AE was observed in 46.9% of patients with AIPF, which was more frequent than in controls with symmetrical IPF (p=0.004). The prevalence of 17.2% in our control population is very close to that published by Kim et al (9.6% at 2 years using Kondoh's criteria for AE but 18% using Akira's criteria).19 According to a new proposed international definition, only cases with bilateral abnormalities on HRCT scanning should be termed ‘acute exacerbation’.2 Two-thirds of patients with AIPF experienced virtually unilateral episodes but fulfilled Akira's criteria for AE.4 AE developed in the most fibrotic lung and, after recovery, ground glass opacities were replaced by reticulations. These findings support the hypothesis of AE as a sudden deterioration in the primary disease process rather than a distinct additional event. Again, they point to the role of GER. The aspiration of gastric contents is a well-known cause of diffuse alveolar damage,20 and acute worsening of IPF may be provoked by a particularly severe episode of reflux, as suggested in exacerbations of chronic obstructive pulmonary disease.21 Although primarily unilateral in most of our cases with AIPF, AE was fatal only when bilateral, probably due to the respiratory reserve provided by the least affected lung. This is in keeping with the study by Akira et al which showed that patients with IPF who die of a second episode of AE show a significant extension of opacities from a peripheral pattern to a more diffuse pattern.22

In patients with IPF the extent of fibrosis on the HRCT scan is strongly correlated with Tlco.5 23 In contrast, Tlco was a poor indicator of disease severity in AIPF, as judged by the lack of association between Tlco and the global fibrosis score. Furthermore, despite a similar global fibrosis score and FVC, patients with AIPF had a significantly higher Tlco compared with controls. This difference in Tlco probably produces a different mode of fibrosis progression and distribution in the two groups. It is well known that Tlco reflects whole lung involvement but is much more influenced by base involvement because of physiological ventilation/perfusion regional inhomogeneity.24 In patients with symmetrical IPF, pulmonary fibrosis usually progresses simultaneously from the base to the top of the two lungs. Both bases are equally affected. In those with AIPF, pulmonary fibrosis also progresses from the base to the top of the more affected lung before involving the other one, so global extension of pulmonary fibrosis is similar but one of the two bases is spared for relatively longer.

Surprisingly, patients with AIPF were significantly older than controls, which is difficult to explain. It is possible that IPF is detected later in these patients because of a less symptomatic disease.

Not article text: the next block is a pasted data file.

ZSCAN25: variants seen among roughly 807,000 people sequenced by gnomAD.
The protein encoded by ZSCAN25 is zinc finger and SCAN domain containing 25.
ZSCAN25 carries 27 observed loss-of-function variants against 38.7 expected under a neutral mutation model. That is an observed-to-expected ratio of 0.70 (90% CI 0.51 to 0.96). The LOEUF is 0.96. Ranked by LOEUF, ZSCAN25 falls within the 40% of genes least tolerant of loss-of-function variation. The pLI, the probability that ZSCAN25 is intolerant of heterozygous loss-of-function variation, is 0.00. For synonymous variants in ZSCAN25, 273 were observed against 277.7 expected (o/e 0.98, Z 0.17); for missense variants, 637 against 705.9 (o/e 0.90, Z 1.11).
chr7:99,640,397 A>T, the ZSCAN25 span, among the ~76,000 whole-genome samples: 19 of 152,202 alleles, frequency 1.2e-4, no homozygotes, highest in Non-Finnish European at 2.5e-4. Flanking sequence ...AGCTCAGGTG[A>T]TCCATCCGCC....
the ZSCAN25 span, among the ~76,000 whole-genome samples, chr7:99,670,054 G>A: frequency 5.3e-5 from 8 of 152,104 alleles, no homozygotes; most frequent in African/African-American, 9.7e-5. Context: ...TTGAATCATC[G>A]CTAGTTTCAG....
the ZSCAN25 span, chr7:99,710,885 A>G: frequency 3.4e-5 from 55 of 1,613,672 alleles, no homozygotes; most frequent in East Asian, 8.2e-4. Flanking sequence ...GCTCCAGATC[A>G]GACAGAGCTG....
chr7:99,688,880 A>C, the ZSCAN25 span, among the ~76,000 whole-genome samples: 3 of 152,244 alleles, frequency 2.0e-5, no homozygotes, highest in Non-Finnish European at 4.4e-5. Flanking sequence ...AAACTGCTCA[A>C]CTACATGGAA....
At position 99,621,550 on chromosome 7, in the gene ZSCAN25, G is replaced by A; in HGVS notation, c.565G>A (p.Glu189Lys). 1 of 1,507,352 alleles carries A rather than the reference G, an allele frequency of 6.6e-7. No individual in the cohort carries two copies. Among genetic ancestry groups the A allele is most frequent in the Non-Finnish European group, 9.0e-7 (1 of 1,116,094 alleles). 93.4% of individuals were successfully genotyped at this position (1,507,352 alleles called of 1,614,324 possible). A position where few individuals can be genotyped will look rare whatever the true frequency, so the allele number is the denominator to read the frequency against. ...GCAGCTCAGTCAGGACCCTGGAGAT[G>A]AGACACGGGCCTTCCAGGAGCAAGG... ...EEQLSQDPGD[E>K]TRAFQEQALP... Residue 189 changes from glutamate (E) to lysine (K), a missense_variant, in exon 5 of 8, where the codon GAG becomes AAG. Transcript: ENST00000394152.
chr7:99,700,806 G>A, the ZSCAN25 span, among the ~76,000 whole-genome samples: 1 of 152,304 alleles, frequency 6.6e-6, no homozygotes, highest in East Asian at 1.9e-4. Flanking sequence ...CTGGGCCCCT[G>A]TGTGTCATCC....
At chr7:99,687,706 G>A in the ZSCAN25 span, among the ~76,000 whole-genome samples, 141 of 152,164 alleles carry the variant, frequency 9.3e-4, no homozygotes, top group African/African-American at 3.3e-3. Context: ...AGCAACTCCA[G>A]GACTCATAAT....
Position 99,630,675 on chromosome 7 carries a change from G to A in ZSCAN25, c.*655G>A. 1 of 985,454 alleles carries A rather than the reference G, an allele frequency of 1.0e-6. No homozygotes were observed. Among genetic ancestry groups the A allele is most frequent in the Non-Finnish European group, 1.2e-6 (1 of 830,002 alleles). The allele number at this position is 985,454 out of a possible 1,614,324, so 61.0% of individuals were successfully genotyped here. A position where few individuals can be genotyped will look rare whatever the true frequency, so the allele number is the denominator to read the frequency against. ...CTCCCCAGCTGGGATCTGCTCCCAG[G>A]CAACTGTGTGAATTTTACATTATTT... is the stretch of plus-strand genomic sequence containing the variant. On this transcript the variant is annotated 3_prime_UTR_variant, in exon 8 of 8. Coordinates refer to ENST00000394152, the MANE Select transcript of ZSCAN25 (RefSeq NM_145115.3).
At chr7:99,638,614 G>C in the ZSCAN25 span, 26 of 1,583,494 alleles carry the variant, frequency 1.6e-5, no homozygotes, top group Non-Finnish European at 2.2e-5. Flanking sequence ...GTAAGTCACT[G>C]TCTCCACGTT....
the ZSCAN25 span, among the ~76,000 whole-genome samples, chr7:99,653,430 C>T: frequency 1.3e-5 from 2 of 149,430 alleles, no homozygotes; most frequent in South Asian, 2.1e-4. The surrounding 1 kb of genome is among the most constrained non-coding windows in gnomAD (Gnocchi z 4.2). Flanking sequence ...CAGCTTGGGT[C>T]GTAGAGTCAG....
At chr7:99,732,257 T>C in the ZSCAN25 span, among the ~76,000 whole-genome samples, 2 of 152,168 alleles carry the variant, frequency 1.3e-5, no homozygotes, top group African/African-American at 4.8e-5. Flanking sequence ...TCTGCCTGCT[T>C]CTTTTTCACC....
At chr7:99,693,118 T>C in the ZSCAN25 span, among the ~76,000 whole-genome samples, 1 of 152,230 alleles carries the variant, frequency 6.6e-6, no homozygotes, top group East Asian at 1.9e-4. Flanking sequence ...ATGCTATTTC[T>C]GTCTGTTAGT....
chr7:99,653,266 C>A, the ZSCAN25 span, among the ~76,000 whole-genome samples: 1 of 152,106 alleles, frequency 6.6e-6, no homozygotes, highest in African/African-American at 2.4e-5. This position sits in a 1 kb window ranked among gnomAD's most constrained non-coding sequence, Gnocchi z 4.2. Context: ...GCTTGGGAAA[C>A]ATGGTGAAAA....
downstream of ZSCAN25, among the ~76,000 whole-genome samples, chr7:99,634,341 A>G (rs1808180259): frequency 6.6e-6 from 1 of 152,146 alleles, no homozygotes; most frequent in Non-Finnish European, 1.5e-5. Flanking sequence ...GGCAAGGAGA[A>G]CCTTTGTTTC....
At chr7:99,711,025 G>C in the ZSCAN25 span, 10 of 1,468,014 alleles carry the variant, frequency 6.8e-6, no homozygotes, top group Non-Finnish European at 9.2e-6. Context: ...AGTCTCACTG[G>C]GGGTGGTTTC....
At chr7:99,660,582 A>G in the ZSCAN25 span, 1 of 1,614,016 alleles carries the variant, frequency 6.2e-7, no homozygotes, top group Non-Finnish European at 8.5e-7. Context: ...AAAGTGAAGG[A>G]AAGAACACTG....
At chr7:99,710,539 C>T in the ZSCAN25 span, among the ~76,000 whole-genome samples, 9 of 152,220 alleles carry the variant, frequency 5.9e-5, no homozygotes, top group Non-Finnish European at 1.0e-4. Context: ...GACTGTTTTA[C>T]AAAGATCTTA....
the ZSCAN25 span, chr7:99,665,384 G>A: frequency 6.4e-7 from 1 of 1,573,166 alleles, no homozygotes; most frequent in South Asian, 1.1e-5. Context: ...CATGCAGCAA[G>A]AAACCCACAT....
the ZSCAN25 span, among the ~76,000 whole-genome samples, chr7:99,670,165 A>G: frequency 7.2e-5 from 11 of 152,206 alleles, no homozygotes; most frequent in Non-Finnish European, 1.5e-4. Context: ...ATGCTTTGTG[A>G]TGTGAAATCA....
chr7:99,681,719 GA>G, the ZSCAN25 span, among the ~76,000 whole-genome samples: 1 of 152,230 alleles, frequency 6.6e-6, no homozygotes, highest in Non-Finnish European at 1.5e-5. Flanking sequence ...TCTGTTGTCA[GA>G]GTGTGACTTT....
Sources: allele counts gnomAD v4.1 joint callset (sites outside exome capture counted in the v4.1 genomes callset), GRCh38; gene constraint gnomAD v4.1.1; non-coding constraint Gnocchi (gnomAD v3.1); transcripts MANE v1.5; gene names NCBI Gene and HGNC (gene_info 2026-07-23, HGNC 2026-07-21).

Our study has some limitations. As a retrospective case series study it was not designed to evaluate the prevalence of AIPF. However, the French ongoing prospective cohort study on IPF provides an estimation of its incidence.25 Included patients were systematically scored and the same ratio was used to define asymmetry. Ten of the 99 patients (10.1%) first included had a significant asymmetry on the HRCT scan at inclusion. Moreover, there may be a bias in the estimation of GER between patients with AIPF and controls as more attention is given by clinicians to search for GER in patients with an asymmetrical form of the disease. Finally, our population was small and the study was purely descriptive so no definite conclusion can be reached on the pathogenesis of AIPF.

In conclusion, AIPF may be favoured by several underlying conditions including, but not limited to, GER. GER may play a role both in driving the insidious progression of IPF and in promoting AE. AIPF also gives new insight into the key role of locoregional factors in the expansion of pulmonary fibrosis. Tlco may not be adapted to evaluate the severity of this particular form of IPF. Further studies are needed to assess more clearly the frequency and specific risk factors for AIPF and to determine the real impact of this form of IPF on clinical practice.


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  • See Editorial, p 183

  • Linked articles 149096.

  • Competing interests DV has received consultancy fees from Intermune, Actelion and Sanofi (less than $4000 in the last 5 years) and expenses from AstraZenica, Glaxo, Boehringer and Nycomed for travel and accommodation at ATS, ERS and CPLF meetings.

  • Ethics approval This study was conducted with the approval of the institutional review board.

  • Provenance and peer review Not commissioned; externally peer reviewed.